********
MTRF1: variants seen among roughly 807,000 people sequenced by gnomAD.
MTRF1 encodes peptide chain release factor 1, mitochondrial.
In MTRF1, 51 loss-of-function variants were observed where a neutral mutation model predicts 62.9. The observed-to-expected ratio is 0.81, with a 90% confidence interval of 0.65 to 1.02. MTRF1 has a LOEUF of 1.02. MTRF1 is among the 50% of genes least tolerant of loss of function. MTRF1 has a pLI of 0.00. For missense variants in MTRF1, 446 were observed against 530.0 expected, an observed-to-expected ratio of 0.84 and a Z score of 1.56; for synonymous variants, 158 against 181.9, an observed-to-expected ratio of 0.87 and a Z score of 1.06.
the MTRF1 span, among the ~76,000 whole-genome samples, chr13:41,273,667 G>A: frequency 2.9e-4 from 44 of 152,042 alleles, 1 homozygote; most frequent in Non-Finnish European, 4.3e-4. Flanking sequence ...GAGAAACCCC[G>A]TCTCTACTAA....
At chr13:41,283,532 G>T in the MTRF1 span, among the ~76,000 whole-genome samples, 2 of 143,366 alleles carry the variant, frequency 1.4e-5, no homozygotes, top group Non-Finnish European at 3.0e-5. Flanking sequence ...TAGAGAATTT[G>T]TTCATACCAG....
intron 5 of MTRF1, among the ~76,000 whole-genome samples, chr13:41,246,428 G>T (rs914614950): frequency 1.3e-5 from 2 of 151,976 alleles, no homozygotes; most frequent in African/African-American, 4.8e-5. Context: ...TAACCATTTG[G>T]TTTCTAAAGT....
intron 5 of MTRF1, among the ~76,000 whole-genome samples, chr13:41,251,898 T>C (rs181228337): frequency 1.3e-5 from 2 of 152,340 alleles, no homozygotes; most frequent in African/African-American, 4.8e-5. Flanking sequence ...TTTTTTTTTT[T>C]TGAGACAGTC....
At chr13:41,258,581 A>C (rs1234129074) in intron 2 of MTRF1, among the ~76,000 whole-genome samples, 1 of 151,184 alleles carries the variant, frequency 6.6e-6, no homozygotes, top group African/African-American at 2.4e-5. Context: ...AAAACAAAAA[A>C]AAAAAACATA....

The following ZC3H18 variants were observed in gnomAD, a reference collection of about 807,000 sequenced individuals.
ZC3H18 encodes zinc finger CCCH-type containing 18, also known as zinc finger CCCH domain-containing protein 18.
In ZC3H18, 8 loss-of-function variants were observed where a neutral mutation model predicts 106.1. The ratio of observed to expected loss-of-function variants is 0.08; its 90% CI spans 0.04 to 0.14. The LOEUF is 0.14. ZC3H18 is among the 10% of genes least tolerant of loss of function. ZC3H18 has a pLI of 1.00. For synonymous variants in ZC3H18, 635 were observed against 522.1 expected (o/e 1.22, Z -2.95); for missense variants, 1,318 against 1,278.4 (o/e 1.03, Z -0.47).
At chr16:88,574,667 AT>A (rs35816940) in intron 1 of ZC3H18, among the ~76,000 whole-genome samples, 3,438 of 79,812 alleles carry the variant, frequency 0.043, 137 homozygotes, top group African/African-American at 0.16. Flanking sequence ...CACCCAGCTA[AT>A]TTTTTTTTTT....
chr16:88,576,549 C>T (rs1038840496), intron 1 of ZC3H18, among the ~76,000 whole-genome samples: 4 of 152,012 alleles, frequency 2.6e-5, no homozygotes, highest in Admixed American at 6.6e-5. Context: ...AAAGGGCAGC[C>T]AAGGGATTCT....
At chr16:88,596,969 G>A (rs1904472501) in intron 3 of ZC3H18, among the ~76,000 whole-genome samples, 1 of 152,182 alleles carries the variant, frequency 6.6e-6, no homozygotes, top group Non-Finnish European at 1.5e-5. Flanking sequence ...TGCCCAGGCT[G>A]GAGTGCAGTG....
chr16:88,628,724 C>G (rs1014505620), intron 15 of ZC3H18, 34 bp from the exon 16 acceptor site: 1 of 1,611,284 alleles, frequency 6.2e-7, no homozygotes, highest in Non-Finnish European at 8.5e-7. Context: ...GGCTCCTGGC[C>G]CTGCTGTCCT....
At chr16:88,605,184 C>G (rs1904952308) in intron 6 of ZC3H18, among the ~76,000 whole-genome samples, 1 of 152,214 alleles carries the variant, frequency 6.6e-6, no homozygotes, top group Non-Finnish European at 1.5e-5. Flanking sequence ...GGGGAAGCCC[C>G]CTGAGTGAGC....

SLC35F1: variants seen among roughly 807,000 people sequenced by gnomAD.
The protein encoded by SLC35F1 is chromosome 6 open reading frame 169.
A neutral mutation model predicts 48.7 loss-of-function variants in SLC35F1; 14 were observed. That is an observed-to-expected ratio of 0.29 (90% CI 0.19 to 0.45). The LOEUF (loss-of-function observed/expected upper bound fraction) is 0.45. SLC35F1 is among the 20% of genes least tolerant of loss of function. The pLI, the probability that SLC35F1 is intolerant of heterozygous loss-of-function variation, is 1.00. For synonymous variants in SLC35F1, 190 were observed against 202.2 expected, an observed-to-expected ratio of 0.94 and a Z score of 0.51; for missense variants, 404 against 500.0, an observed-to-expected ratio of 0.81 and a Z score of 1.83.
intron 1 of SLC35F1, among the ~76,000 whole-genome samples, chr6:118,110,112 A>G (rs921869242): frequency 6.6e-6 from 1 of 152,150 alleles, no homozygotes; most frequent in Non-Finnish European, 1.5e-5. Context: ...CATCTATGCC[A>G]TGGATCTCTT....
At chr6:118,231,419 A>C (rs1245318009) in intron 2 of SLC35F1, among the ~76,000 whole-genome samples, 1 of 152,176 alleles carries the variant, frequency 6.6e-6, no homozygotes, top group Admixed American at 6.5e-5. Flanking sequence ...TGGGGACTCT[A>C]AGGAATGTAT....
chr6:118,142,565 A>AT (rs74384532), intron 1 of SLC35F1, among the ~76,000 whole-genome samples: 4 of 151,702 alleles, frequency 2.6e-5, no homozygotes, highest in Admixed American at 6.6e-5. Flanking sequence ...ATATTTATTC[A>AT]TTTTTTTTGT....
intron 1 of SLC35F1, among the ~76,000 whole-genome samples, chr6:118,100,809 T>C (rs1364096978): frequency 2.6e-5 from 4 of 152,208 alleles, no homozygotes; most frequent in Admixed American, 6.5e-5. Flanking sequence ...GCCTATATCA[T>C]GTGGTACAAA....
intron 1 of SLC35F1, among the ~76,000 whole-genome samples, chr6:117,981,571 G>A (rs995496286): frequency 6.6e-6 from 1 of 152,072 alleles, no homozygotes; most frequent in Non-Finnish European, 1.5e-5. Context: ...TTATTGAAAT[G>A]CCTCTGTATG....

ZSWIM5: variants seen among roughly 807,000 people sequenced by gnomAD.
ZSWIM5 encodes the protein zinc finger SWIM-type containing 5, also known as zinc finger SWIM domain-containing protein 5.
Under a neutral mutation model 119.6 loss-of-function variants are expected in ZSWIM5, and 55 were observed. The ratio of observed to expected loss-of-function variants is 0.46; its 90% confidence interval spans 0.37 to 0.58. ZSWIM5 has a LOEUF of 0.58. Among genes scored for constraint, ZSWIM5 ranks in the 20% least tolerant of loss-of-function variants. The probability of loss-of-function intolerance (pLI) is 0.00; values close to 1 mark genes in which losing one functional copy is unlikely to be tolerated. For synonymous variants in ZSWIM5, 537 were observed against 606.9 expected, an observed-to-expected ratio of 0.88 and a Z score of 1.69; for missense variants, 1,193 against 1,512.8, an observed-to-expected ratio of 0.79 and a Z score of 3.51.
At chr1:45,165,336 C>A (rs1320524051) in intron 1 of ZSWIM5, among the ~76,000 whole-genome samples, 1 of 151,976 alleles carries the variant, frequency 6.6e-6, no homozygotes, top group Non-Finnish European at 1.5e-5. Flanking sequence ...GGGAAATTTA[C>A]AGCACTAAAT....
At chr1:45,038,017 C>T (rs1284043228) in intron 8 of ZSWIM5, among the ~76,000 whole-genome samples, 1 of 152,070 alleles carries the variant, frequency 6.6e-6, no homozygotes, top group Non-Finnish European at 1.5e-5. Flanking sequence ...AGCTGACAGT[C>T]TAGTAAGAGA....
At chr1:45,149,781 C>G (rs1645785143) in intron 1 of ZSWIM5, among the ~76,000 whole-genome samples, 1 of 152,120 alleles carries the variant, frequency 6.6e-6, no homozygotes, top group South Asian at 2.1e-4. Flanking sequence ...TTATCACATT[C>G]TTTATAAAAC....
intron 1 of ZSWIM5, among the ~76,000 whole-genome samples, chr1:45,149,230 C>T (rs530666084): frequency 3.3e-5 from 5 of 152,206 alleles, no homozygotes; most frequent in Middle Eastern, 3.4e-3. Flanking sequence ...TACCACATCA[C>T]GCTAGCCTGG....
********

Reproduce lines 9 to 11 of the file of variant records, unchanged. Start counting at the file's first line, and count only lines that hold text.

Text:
The following ZC3H18 variants were observed in gnomAD, a reference collection of about 807,000 sequenced individuals.
ZC3H18 encodes zinc finger CCCH-type containing 18, also known as zinc finger CCCH domain-containing protein 18.
In ZC3H18, 8 loss-of-function variants were observed where a neutral mutation model predicts 106.1. The ratio of observed to expected loss-of-function variants is 0.08; its 90% CI spans 0.04 to 0.14. The LOEUF is 0.14. ZC3H18 is among the 10% of genes least tolerant of loss of function. ZC3H18 has a pLI of 1.00. For synonymous variants in ZC3H18, 635 were observed against 522.1 expected (o/e 1.22, Z -2.95); for missense variants, 1,318 against 1,278.4 (o/e 1.03, Z -0.47).